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MaddockKrug

What's the "spirit" of Star Wars?

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Hello everyone,

 

when I have started digging through the SW EotE CRB, I have stumbled over the mentioning that SW EotE was especially designed along the character of Han Solo.

 

And often I read interwebz-users describing how much SW EotE would qualify as an rpg which has caught the spirit, idea, theme, subject, whatever *fill in appropriate terms* of Star Wars?

 

Now I wonder about two things:

 

a) What exactly is this "spirit" (in broadest sense) of Star Wars - in general or in particular considering EotE?

b) And if it comes to adventure-designs, what elements each or most adventures must (re)appear in order to make the adventure Star Wars-esque? Looking at SW EotE alone I fear that adventures might become Wild West Fantasy in Space loosing track of what Star Wars might be all about ... So a third question could be: Do you have any concerns about what is possible and especially risky about Star Wars - or in other words: Under what circumstances adventures for Star Wars (in general or about EotE or AoR) might fail to comply with "the" Star Wars theme?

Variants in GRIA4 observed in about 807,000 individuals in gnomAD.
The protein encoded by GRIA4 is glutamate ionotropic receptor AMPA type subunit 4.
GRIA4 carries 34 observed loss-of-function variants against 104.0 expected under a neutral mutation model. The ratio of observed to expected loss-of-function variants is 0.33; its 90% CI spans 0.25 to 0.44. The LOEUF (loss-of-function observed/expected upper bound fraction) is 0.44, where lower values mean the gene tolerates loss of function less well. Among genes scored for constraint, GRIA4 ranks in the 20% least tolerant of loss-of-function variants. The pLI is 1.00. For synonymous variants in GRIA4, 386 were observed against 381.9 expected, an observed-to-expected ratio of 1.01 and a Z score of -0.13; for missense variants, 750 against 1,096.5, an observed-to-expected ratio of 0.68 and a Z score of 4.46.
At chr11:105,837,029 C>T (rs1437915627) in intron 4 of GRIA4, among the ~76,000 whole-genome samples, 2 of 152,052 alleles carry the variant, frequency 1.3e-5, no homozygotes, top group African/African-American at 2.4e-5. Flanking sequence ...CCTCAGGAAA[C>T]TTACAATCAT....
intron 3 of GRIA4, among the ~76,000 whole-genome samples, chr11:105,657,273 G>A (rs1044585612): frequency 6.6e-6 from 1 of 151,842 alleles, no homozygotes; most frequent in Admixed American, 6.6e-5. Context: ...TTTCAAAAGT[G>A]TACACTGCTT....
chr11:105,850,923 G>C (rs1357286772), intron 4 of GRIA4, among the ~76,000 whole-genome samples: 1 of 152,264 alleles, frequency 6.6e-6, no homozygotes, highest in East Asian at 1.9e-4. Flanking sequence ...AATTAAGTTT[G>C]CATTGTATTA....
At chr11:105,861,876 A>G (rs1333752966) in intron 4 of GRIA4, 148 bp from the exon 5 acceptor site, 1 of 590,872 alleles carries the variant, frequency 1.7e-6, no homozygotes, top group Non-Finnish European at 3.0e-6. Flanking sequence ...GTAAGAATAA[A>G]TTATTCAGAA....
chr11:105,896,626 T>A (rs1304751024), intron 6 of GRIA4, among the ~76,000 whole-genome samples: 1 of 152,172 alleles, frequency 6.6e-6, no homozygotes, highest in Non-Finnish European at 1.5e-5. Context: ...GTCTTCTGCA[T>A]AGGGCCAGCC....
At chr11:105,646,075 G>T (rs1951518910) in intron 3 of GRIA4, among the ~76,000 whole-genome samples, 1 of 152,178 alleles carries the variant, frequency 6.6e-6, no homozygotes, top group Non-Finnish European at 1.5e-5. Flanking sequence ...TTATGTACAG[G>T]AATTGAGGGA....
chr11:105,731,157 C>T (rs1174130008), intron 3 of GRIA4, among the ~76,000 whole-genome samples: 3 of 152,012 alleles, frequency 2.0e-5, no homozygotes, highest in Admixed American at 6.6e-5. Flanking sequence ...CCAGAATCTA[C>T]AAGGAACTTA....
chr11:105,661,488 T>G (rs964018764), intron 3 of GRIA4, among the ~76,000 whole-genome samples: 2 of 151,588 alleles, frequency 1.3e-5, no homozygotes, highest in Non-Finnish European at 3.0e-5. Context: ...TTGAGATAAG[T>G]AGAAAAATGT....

Since I am not a Star Wars nut like so many Star Wars fans out there, and since I am not so well informed about this universe, I have some trouble answering these questions. But maybe you can help me understand Star Wars (much) better ... Thank you in advance!

 

Best wishes!

Mad

Edited by MaddockKrug

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Ahem.  To me, the guiding theme of Star Wars is hope.

Hope gets people to suffer and sacrifice to do what needs to be done.

Hope inspires flawed individuals* to strive to be better, despite the cost.

Hope beats a tyranical Empire, despite the difference in numbers and equipment.